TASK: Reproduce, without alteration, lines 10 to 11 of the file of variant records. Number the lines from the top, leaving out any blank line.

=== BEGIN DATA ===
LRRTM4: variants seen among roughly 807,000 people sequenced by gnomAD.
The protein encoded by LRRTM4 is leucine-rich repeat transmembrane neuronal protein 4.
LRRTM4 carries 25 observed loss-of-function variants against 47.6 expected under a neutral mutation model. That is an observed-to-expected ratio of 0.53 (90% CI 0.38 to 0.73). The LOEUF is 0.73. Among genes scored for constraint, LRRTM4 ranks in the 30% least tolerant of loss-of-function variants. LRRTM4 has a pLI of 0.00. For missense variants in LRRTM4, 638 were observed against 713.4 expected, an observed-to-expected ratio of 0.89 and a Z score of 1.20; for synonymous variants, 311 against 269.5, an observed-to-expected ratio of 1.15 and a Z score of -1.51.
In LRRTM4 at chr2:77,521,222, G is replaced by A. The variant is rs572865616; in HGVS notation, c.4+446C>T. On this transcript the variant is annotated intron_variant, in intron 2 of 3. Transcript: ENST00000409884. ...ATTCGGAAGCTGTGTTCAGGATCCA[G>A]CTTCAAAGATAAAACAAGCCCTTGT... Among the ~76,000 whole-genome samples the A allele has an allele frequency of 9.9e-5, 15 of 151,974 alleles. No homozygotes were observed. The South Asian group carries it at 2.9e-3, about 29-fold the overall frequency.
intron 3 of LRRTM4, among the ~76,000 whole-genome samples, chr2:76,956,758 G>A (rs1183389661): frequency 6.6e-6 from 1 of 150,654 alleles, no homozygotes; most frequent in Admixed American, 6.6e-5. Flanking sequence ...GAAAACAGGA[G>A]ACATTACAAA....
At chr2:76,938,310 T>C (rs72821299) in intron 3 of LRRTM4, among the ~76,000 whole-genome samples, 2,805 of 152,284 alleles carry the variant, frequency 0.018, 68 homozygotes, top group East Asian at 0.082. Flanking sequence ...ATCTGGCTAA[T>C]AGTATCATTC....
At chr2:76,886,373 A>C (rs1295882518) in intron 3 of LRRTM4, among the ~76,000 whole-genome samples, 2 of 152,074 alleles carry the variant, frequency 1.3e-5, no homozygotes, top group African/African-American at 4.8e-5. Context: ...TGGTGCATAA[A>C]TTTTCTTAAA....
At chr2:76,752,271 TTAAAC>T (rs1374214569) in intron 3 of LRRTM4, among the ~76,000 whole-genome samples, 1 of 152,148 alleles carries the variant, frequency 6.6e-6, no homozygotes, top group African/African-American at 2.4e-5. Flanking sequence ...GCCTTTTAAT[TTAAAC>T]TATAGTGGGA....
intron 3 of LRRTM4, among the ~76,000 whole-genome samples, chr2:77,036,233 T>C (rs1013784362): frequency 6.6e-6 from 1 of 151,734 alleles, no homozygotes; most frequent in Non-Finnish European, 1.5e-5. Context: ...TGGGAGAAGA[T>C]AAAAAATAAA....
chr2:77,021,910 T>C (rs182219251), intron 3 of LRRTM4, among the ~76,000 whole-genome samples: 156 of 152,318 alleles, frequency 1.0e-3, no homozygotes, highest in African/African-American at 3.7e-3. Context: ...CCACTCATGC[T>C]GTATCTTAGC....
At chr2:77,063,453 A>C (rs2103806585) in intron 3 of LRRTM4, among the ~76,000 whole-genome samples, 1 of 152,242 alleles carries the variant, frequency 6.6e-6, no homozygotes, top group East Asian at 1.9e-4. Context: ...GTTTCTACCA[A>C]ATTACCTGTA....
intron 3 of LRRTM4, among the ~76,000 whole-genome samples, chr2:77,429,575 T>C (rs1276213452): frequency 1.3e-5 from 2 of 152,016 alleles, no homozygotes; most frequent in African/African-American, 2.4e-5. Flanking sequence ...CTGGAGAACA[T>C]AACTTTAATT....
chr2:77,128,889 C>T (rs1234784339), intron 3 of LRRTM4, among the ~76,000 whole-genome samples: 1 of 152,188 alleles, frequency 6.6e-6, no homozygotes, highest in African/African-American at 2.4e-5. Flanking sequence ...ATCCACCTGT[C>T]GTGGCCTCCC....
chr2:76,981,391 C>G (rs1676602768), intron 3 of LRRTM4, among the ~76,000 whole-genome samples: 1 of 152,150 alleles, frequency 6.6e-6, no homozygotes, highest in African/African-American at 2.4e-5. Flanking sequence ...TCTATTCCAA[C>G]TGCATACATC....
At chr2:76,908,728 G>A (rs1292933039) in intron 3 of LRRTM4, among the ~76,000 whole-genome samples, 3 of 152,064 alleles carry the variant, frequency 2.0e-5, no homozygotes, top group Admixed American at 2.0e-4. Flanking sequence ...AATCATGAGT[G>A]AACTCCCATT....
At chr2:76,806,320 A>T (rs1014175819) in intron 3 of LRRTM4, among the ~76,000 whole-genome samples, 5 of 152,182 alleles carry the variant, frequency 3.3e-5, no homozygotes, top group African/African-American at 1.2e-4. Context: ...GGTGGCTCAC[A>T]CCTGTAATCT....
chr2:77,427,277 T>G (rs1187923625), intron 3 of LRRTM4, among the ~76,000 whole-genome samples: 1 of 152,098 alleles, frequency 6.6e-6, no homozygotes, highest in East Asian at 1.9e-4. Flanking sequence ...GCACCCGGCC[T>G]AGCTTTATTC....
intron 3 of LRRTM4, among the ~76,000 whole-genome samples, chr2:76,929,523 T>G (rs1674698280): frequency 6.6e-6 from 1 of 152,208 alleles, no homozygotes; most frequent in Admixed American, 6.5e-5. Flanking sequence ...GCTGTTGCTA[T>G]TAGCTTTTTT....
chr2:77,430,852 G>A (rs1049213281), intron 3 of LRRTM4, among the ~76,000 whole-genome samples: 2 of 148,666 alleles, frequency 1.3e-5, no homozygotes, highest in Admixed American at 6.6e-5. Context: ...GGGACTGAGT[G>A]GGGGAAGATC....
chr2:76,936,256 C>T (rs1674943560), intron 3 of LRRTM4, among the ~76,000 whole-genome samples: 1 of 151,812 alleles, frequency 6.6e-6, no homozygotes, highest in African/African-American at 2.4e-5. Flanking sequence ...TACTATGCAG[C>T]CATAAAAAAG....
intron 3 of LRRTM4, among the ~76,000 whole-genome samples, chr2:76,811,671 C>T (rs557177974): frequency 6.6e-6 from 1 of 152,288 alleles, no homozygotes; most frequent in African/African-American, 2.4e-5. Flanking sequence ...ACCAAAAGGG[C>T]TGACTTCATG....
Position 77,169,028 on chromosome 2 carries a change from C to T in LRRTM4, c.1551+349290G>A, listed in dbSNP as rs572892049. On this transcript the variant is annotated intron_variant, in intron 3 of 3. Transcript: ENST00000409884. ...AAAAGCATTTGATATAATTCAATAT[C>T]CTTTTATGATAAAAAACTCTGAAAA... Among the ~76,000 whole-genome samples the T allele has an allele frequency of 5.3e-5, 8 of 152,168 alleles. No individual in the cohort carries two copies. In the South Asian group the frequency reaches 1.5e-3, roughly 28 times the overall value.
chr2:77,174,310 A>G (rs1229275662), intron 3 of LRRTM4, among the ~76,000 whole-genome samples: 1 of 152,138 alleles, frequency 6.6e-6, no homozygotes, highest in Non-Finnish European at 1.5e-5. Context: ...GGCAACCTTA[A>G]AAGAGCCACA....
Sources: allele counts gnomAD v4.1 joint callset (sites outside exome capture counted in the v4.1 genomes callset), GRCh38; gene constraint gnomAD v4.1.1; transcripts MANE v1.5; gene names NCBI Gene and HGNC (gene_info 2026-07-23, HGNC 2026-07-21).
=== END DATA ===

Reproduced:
chr2:77,021,910 T>C (rs182219251), intron 3 of LRRTM4, among the ~76,000 whole-genome samples: 156 of 152,318 alleles, frequency 1.0e-3, no homozygotes, highest in African/African-American at 3.7e-3. Context: ...CCACTCATGC[T>C]GTATCTTAGC....
At chr2:77,063,453 A>C (rs2103806585) in intron 3 of LRRTM4, among the ~76,000 whole-genome samples, 1 of 152,242 alleles carries the variant, frequency 6.6e-6, no homozygotes, top group East Asian at 1.9e-4. Context: ...GTTTCTACCA[A>C]ATTACCTGTA....